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The right to health care

To the Editor:

Here we go again, this time it’s a Medicaid work requirement. The Trump administration could not repeal the Affordable Care Act, so they are taking another approach to take away health coverage.

Seventy-four million people, one-fifth of the country, are covered by Medicaid. However, the vast majority of the adults [60 percent], who would be subject to the work requirement, are already employed. For the millions of people who are too sick to search for a job but haven’t gone through the lengthy process of qualifying for disability determination, meeting the work requirement would be difficult – and the loss of Medicaid devastating.

Trump’s approach would result in booting poor and sick Americans from Medicaid rolls without helping them find work.

Isn’t taking away struggling workers’ health insurance cruel and even counterproductive? Health insurance is associated not only with better health but also with increased work capacity, which translates into higher wages and earnings.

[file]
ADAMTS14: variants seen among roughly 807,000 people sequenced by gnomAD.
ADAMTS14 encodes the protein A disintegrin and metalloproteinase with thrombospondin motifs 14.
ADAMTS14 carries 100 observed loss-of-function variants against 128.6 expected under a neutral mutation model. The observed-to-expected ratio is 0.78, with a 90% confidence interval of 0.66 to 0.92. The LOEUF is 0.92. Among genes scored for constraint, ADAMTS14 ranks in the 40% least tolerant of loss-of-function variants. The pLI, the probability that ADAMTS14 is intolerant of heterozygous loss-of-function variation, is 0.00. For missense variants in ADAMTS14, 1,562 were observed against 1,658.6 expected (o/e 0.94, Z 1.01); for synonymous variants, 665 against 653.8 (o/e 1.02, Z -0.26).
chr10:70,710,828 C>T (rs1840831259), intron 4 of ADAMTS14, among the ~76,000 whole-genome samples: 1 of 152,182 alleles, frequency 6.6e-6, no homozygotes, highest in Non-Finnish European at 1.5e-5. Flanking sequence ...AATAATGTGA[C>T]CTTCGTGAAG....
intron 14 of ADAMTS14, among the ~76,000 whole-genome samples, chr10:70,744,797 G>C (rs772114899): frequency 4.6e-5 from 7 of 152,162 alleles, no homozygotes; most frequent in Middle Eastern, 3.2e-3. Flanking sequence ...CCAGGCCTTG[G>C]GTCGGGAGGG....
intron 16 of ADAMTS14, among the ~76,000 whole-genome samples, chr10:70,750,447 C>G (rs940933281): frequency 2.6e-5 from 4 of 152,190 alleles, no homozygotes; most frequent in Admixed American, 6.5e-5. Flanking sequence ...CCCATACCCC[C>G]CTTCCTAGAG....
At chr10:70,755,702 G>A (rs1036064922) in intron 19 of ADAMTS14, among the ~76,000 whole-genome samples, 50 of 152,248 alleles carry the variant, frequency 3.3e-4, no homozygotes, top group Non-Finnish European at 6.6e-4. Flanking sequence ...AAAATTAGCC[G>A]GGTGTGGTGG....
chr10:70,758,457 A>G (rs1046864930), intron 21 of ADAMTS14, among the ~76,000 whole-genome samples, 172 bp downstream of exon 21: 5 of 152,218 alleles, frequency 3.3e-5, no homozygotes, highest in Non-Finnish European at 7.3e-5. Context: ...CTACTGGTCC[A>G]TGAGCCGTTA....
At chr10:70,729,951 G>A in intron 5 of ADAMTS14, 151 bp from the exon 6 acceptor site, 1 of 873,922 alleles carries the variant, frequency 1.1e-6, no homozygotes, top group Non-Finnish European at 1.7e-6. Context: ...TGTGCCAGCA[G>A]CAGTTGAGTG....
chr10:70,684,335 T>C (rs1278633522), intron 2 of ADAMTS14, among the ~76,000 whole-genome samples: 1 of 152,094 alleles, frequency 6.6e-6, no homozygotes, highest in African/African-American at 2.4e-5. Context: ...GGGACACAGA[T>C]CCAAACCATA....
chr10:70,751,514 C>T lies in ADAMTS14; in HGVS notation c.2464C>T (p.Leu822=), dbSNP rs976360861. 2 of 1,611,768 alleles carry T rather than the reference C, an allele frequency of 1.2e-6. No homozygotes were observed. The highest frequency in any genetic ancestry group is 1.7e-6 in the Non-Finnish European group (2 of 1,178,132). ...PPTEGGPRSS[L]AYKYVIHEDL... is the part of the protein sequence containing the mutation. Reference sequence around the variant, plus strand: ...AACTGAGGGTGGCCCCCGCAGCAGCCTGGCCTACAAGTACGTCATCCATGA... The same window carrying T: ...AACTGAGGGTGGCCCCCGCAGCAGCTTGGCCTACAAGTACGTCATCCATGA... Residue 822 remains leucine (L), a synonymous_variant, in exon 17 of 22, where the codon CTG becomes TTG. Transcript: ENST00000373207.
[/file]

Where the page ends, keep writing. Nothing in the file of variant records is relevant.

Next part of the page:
Work requirements are based on myths: “The ‘poor’ don’t want to work. One can get a well-paying job by snapping one’s fingers. Presto! Job appears. Having a job is all it takes not to be poor.”

Close to home, the Missouri GOP Senate, too, is attempting to create a waiver for Medicaid that calls for a work requirement, which also slashes funds for the program by switching to block grants. Access to health care should never be based on employment status. All Missourians no matter where they live, how much money they make or how able they are to work deserve access to health care.

The addition of a work requirement moves us further away from the idea of health care as a right and toward an America that does not provide a safety net for the most vulnerable, including people with disabilities.

Ed Shew

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